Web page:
Multimedia

  • One of a pair of sandals

    Slide Notes

    Details

    One of a pair of sandals

    1550–1186 B.C.

    Dimensions

    Length x width: 21.5 x 8 cm (8 7/16 x 3 1/8 in.)

    Medium

    Straw

    Classification

    Costumes

    Accession Number

    03.1720

    Collections
    The Ancient World
    On View
    Egyptian New Kingdom Gallery - 210 More Info

    Description

    Plaited reed sole, with a finely woven edge; twisted thongs. See also 03.1721.

    Multimedia

  • Game box

    Slide Notes

    Details

    Game box

    1539–1425 B.C.

    Dimensions

    Height x width x length: 7.6 x 11.1 x 35.2 cm (3 x 4 3/8 x 13 7/8 in.)

    Classification

    Tools & equipment, Recreational

    Accession Number

    11.3095

    Collections
    The Ancient World
    On View
    Egyptian New Kingdom Gallery - 210 More Info

    Description

    Faience squares and long strips which had been inlaid in sides and edges of a wooden box; several squares with numerals I, II, III.

    Multimedia

  • Dummy canopic jar

    Slide Notes

    Details

    Dummy canopic jar

    1075–656 B.C.

    Dimensions

    Height x diameter: 24.1 x 13.6 cm (9 1/2 x 5 3/8 in.)

    Medium

    Limestone

    Classification

    Tomb equipment, Canopics and Canopic Boxes

    Accession Number

    72.590

    Collections
    The Ancient World
    On View
    Egyptian Funerary Arts Gallery (Mummies) - 109 More Info

    Description

    During mummification, the lungs, liver, stomach and intestines were removed, mummified separately, and placed in containers known today as "canopic jars." Following dynasty 20, this practice stopped, but dumy jars continued to be placed in tombs.This fine-grained dummy canopic jar has the human head of the god Imsety. An incised line indicates the division between the head and the body. The eyes and brows are painted black. A band of black hieroglyphs, naming the god, runs down the center of the body, and reads: Wsir ImsT. Translation: Osiris Imseth

    Multimedia

  • Lion hunt scarab of Amenhotep III

    Slide Notes

    Details

    Lion hunt scarab of Amenhotep III

    1390–1353 B.C.

    Dimensions

    Height x width x depth: 7.1 x 5 x 2.6 cm (2 13/16 x 1 15/16 x 1 in. )

    Medium

    Glazed steatite

    Classification

    Jewelry / Adornment, Scarabs and Scaraboids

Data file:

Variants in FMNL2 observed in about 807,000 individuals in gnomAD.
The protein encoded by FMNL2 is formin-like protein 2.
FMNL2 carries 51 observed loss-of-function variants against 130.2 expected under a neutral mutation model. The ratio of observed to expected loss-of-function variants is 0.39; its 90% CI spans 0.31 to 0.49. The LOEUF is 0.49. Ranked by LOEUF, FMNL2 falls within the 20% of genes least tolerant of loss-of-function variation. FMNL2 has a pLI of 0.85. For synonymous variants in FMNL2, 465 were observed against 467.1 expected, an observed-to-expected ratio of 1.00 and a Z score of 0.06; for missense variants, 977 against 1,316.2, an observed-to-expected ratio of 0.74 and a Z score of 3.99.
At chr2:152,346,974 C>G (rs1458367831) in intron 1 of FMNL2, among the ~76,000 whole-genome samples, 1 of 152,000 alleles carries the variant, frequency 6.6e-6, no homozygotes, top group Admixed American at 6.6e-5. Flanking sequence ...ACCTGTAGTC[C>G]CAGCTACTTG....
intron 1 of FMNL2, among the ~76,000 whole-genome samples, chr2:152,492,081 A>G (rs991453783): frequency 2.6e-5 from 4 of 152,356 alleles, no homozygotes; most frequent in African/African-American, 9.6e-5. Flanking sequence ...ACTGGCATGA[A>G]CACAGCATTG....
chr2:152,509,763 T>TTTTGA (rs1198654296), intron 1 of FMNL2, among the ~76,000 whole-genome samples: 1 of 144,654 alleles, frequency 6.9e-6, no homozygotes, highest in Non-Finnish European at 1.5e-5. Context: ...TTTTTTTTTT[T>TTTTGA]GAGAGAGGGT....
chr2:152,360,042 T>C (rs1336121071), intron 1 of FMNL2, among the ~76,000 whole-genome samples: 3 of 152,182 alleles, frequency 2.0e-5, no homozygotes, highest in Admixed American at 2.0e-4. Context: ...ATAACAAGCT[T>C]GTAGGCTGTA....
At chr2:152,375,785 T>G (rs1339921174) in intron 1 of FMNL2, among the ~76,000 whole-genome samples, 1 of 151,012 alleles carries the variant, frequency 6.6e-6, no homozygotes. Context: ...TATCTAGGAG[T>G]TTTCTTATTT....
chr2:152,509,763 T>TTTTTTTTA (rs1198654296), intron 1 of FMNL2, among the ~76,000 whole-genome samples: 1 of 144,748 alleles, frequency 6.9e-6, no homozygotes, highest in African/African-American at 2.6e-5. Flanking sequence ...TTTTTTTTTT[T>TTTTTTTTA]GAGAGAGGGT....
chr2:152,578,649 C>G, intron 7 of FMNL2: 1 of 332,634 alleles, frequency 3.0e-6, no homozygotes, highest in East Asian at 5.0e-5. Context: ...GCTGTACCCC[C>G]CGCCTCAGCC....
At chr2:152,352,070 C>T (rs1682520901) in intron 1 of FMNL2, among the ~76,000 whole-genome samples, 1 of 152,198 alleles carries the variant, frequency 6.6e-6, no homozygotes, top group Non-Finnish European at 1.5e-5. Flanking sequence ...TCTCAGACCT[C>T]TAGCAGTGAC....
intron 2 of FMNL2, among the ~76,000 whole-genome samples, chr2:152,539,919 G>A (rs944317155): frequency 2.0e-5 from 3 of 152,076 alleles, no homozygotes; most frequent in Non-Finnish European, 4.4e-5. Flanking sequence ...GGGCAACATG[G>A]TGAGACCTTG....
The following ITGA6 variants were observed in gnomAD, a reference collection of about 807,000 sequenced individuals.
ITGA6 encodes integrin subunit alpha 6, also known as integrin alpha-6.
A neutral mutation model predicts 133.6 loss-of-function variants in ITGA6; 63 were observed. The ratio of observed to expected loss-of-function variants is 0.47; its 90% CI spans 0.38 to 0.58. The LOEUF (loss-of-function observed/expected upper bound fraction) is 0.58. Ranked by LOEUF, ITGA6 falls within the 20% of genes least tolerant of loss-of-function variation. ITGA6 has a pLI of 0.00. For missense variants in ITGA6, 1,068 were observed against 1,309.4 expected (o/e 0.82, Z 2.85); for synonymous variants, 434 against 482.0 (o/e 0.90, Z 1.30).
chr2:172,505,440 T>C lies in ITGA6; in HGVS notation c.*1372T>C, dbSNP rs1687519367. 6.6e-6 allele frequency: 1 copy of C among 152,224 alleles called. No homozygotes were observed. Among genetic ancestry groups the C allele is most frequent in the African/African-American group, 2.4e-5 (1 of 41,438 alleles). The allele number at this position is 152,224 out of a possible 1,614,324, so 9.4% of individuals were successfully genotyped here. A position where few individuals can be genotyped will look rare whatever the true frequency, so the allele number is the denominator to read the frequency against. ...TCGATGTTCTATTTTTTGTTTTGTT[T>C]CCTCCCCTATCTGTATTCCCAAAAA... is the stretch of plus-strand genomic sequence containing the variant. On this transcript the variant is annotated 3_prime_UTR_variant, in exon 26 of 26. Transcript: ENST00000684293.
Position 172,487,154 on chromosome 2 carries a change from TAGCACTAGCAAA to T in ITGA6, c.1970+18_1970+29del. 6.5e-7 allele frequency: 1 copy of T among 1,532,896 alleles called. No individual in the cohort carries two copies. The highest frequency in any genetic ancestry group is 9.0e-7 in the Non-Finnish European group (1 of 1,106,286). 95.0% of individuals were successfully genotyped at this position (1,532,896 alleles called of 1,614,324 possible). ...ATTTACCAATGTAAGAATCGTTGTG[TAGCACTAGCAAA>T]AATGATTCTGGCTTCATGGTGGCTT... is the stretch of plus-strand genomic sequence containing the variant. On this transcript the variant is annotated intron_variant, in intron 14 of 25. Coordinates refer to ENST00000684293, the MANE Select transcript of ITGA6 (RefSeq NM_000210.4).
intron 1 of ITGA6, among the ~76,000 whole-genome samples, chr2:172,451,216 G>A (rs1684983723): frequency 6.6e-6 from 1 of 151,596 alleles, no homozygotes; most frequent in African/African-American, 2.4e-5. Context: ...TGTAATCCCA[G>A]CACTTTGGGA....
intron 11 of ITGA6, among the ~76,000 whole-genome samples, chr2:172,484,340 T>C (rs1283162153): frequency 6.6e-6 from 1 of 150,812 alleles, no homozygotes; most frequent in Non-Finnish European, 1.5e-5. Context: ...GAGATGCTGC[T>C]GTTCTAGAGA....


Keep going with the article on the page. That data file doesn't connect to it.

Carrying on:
Accession Number

    04.1810

    Collections
    The Ancient World
    On View
    Egyptian New Kingdom Gallery - 210 More Info

    Description

    Blue glaze; struck by Amenhotep III to announce his feat of having hunted and slain 102 lions in the first ten years of his reign.

    Multimedia

  • Headrest of Queen Hetepheres I (...

    Slide Notes

    Details

    Headrest of Queen Hetepheres I (reproduction)

    2575–2528 B.C.

    Joseph Gerte

    Dimensions

    Height x width x depth: 20.5 x 17.2 x 7.8 cm (8 1/16 x 6 3/4 x 3 1/16 in.)

    Medium

    Wood, silver, gold

    Classification

    Reproductions

    Accession Number

    29.1859

    Collections
    The Ancient World More Info

    Description

    Those who could afford it equipped their tombs with all the necessities and comforts of life on earth, so that they could continue to enjoy them in the afterlife. For Queen Hetepheres, wife of King Sneferu and mother of King Khufu, these necessities included her entire bedroom suite: her portable canopy, bed with headrest, armchair, and curtain box, all designed of wood overlaid with gold. On her bed, which was a mere 177 centimeters (5 feet 9 inches) long, the queen would have slept on her side with her cheek resting on the headrest. All of the furniture is noteworthy for its austerity of line and selective use of detail. The seeming simplicity masks sophisticated joinery. The beauty and technical achievement of these objects are matched only by the amazing story of their accidental discovery in 1925 and subsequent excavation and restoration. Because it was an unplundered royal tomb, the original contents remained in Cairo, as stipulated in the Expedition contract. The set in the Museum is an exact duplicate.

    Multimedia

  • Front side panel of outer coffin...

    Slide Notes

    Details

    Front side panel of outer coffin of Djehutynakht

    2010–1961 B.C.

    Dimensions

    Height x width: 115 x 263 cm (45 1/4 x 103 9/16 in.)

    Medium

    Cedar

    Classification

    Tomb equipment, Coffins, Sarcophagi

    Accession Number